Report indicates state-run monitoring of protest-related social media, criticizes official response to protests

In early June dane101 reported on information from anonymous state workers who claimed that an emergency response team operating out of the GEF-2 building downtown had been set up to monitor the social media activity of protest related organizations.

A recently released report (pdf) put together by the Wisconsin National Guard and Wisconsin Emergency Management now seems to confirm there was, in fact, state-run internet monitoring happening during the protests.

The report, which makes recommendations for how the state might better handle large protests in the future and points out specific shortcomings in the response that did happen earlier this year, was released as the result of an open records request made by the Milwaukee Journal Sentinel.

The MJS had earlier questioned Capitol Police spokeswoman Lori Getter about the existence of such an emergency team. Getter denied that one had ever been used by the division’s Joint Information Center.

On page 11 of the report, however, a “Telecommunications Emergency Response Team” is specifically mentioned as having “provided essential staff for this prolonged event.” The report also cites a lack of earlier “monitoring of social media during events to anticipate crowd psychology, actions and reactions” as an area of needed improvement. It suggests that state/law enforcement engaged in social media and networking “much too late,” supporting the late May/early June-leak of the creation of an emergency response team.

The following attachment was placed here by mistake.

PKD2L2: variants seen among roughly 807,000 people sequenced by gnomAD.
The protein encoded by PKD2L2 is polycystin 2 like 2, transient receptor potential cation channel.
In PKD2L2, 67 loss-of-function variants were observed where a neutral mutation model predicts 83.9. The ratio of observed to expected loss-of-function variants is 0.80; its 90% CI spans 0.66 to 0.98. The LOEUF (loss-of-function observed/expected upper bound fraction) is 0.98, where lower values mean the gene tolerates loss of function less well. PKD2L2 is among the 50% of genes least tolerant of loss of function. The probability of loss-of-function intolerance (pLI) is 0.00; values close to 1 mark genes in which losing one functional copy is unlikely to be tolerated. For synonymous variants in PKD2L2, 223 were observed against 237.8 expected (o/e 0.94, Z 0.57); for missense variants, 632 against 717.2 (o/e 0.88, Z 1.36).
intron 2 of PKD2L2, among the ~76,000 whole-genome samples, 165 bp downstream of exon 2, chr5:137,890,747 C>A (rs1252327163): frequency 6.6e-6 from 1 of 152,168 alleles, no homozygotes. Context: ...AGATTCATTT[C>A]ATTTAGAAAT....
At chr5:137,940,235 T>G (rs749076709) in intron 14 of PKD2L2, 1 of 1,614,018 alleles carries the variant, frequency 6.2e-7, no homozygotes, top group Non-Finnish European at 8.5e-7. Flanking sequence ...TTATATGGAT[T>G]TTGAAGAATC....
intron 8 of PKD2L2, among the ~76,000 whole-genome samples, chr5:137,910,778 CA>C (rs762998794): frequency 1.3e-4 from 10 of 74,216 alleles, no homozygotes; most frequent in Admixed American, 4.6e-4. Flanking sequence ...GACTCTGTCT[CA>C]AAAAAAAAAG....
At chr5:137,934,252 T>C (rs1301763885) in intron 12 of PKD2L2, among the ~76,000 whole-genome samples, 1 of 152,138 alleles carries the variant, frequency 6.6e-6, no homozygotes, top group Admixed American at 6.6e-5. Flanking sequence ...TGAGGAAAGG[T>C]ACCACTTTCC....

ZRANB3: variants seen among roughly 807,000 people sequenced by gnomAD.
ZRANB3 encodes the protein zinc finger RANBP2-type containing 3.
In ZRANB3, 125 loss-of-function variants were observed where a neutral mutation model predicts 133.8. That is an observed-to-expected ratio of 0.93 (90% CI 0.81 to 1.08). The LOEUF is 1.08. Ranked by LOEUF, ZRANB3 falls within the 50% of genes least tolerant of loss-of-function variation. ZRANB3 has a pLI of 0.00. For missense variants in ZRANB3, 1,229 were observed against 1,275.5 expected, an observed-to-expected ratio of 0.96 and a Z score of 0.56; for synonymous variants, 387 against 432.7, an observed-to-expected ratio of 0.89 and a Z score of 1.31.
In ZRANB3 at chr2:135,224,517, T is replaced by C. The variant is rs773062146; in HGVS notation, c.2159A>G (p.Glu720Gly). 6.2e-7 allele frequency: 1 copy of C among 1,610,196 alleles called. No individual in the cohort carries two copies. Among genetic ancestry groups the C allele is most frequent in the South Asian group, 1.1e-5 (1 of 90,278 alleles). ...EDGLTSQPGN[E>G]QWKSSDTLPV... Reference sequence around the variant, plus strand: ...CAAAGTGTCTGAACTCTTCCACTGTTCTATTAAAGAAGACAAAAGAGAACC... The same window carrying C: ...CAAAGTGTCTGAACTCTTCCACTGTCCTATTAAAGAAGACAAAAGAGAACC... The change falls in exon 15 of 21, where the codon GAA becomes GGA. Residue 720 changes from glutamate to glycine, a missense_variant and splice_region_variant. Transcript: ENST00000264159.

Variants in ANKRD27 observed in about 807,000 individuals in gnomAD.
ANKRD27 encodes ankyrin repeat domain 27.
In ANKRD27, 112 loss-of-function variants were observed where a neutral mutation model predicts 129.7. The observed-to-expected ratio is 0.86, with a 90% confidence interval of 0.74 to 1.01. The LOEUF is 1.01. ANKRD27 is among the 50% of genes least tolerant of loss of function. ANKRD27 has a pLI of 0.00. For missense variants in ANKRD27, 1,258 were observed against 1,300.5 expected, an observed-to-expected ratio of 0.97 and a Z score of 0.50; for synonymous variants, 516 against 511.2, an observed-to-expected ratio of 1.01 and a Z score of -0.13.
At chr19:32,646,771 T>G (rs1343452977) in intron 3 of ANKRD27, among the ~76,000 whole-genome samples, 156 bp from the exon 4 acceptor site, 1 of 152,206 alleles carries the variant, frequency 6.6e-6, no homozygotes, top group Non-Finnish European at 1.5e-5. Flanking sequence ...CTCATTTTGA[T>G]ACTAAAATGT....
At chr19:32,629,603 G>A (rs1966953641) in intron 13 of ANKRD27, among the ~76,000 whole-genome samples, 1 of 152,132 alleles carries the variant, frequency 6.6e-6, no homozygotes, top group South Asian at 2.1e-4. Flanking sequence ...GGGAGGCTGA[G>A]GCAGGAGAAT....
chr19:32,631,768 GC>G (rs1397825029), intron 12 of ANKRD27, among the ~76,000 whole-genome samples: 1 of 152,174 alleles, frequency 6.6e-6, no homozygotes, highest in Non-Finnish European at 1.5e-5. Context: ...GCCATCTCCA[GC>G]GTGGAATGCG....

Other key findings of the report were that there was no clear chain of command early on between the Walker Administration and law enforcement, cell phone access in the Capitol was terrible, there was no pre-event planning or coordination with Emergency Police Services, and not enough information gathering was done in the beginning to better anticipate the protests and occupation.

The report also indirectly chastises the Walker Administration for its failure to release details of the budget repair bill to law enforcement prior to it being announced publicly, and suggests an even more thorough use of social media in the future to diffuse potential protests:

It was difficult to anticipate the public’s reactions when information for the budget proposal was not disclosed prior to release. If agencies were aware of the information to be released, they could have discussed potential reactions and developed strategies to address them. Alternate means of gaining situational awareness of reactions could have been employed, such as social media. A plan should have been developed to allow public information about the event rather than political aspects to be pushed out rapidly via multiple channels including social networks.

Under a section simply titled “Improve” the report makes mention that “when the Governor made mention of using the National Guard to address state employee work stoppages, the tone changed with the protestors.”
http://www.dane101.com/current/2011/07/12/report_indicates_staterun_monitoring_of_protestrelated_social_media_criticizes_of

 

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